Italy has recently joined other European countries that have named a so-called “digital champion“.
The individual chosen for this task is Riccardo Luna, a former sport journalist who has a sharp interest in anything digital and previously headed the Italian version of the Wired magazine. Unlike others in his role, he has immediately called for one digital champion per town to be named (there are over 8,000 towns in Italy). This was based on the recognition that this was the only way to address the peculiarities of very different parts of the country. In an event held in Rome last week, the first hundred digital champions were named. This is a very diverse crowd, including some old-timers who have been around previous incarnation of e-government programs, all the way to some minors (as young as 13-year old), which some have seen as just a marketing move.
All digital champions – including Luna – are not paid and have no budget. This can be seen as both a blessing and a curse. A blessing because in previous times the availability of money through national or European programs has led to a dispersion and waste of resources, often consumed by (or under the auspices of) an army of self-appointed experts and various consulting outfits: having no budget means that people who do this join will do so because they have a genuine passion. A curse because this may lead some of them to pursue the research of funding sources sooner rather than later.
As usual in the country, this appointment and the subsequent events have polarized opinions between those who believe this is going to be a game changer and those who criticize the choices and some lack of transparency in how things have been handled so far.
I believe that the very role of digital champion is not what the country (and Europe as a whole) need right now. Or, better, the challenge is not to evangelize and sing the praises of everything digital, but to understand how digital can help overcome those very issues it has created. With youth unemployment heading toward a staggering 50%, continued recession and now deflation, Italy is a poster child of a country that has been somewhat victimized by digital technology. Plagued by infrastructural issues, weak political support for technology investments and the inability or unwillingness to group and share resources and best practices across cities (due to historical competition among them), Italy keeps slipping behind in terms of GDP, income per capita, IP creation and practically any other indicator that measures the wealth of a country.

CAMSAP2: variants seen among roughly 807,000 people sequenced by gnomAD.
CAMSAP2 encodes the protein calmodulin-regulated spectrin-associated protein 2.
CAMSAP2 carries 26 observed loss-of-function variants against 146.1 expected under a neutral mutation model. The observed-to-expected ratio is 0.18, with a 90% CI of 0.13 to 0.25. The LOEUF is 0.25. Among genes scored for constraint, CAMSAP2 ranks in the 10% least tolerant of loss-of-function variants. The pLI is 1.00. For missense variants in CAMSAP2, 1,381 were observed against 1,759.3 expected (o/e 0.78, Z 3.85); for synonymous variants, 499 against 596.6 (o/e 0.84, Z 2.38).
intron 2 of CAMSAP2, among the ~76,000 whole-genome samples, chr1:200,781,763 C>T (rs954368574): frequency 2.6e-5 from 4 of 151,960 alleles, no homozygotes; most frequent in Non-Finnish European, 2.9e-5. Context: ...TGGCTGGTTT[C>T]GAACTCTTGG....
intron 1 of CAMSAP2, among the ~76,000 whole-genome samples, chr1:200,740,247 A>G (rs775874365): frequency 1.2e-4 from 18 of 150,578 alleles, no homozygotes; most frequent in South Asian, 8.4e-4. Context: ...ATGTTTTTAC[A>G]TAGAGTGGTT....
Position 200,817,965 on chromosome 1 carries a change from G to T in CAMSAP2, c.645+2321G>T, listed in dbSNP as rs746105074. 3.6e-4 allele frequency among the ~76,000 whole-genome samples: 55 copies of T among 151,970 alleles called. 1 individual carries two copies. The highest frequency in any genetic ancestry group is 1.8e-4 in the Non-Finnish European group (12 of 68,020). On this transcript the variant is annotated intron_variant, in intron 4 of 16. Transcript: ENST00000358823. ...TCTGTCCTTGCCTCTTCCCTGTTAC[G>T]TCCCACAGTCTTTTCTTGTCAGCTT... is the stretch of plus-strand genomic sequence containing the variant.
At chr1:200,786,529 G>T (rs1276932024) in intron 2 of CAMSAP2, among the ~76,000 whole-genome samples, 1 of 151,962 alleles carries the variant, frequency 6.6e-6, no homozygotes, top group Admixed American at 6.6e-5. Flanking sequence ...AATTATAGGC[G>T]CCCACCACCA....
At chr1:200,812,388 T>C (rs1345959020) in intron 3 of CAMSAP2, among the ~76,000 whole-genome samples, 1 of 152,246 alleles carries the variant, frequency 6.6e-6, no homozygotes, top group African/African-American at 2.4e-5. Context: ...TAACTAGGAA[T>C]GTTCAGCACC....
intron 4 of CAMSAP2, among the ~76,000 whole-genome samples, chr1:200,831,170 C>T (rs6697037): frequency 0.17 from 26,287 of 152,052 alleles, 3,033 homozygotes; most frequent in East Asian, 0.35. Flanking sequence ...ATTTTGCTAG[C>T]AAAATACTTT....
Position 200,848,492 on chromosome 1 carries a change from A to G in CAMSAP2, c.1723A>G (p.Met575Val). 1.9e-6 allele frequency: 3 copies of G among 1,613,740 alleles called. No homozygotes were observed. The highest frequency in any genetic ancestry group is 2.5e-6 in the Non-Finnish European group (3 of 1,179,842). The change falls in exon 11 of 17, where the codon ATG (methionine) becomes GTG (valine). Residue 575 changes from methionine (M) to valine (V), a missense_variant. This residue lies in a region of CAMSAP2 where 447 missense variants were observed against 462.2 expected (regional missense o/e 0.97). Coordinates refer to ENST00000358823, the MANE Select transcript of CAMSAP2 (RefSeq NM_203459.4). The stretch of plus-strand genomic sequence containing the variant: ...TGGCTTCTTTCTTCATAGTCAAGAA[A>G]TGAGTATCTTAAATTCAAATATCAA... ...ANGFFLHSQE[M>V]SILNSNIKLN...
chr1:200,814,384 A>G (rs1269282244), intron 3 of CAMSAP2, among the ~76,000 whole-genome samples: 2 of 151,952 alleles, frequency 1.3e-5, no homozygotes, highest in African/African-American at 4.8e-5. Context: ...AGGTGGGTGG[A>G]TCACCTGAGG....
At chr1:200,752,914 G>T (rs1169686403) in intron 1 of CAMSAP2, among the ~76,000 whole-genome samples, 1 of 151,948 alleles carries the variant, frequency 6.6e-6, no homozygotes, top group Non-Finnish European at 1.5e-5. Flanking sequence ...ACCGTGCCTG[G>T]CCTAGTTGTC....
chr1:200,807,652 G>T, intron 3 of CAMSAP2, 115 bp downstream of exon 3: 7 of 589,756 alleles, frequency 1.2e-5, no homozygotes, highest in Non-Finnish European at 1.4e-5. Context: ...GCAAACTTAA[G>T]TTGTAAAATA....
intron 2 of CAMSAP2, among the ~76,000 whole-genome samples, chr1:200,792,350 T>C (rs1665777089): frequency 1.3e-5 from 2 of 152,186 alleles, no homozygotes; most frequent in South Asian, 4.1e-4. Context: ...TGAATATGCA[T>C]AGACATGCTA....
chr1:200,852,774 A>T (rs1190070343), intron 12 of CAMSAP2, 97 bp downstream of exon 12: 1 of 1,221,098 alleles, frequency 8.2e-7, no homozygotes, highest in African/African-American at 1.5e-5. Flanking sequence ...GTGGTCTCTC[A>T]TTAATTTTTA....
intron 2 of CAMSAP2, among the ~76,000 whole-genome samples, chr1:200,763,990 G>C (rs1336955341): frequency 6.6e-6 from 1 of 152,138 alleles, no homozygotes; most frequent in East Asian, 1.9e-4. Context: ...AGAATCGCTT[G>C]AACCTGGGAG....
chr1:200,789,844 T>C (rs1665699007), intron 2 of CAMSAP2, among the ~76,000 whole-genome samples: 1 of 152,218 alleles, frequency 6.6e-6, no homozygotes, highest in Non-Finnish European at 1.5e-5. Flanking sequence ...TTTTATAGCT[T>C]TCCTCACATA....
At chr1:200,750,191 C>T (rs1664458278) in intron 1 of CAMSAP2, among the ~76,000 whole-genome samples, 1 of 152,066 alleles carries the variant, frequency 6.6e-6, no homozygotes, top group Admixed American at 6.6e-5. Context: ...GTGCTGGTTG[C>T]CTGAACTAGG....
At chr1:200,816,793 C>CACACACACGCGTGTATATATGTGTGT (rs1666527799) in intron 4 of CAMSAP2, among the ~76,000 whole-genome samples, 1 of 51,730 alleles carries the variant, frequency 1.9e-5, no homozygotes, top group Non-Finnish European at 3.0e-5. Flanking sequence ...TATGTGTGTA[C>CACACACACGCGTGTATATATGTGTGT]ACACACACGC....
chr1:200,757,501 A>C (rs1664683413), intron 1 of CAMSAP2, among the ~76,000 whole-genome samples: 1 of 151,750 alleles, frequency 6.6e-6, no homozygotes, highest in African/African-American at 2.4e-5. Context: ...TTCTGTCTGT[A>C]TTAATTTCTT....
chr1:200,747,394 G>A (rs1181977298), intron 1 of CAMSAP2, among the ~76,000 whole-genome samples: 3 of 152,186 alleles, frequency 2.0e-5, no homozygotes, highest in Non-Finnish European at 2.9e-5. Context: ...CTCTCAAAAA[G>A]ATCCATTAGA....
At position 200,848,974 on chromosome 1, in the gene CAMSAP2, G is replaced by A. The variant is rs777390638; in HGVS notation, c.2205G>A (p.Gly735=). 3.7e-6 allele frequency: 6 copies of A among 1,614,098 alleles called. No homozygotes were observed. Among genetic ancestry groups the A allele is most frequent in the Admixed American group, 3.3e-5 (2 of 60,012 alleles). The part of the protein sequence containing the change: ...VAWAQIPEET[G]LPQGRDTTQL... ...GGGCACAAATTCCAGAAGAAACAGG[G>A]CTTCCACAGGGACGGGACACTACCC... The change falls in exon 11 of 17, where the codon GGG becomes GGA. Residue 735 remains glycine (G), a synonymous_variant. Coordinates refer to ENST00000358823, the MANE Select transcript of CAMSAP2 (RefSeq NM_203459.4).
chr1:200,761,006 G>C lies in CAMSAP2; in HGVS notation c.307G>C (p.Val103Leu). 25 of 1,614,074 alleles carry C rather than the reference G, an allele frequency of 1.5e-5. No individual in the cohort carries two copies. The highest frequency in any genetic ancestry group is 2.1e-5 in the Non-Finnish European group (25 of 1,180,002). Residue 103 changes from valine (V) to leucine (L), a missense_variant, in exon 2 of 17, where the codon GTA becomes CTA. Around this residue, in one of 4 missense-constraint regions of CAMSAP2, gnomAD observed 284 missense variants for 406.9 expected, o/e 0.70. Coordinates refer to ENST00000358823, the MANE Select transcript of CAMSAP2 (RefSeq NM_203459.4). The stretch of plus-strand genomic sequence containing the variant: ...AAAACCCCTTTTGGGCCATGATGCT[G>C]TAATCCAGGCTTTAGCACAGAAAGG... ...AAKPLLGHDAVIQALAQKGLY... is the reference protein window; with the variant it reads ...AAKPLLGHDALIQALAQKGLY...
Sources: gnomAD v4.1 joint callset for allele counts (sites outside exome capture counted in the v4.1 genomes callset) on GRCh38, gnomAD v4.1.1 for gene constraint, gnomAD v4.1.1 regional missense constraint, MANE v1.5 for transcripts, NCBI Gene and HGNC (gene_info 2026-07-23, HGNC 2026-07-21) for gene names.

This is why the role of a digital champion as it has been conceived by the EU years ago is no longer current. The challenge is to both understand the structural and sustained disruption caused by digital technologies to economy and society and to devise how they can help face such disruption and change the course. This requires to analyze loads of data to identify trends and patterns that would tell policy-makers what industry sectors can be salvaged and transformed, which cannot, and which new industries can emerge. It requires to take a hard look at how to transform primary, secondary and tertiary education to prepare new generations to a world that is very different from the one we grew up in. It requires to rethink the way government is organized, looking for massive aggregation of local authorities in the same way countries like Denmark did it years ago, and rebalancing of responsibilities across government tiers.
Digital needs to be taken far more seriously or its champions will be nothing else than the band playing on the deck of a sinking Titanic.
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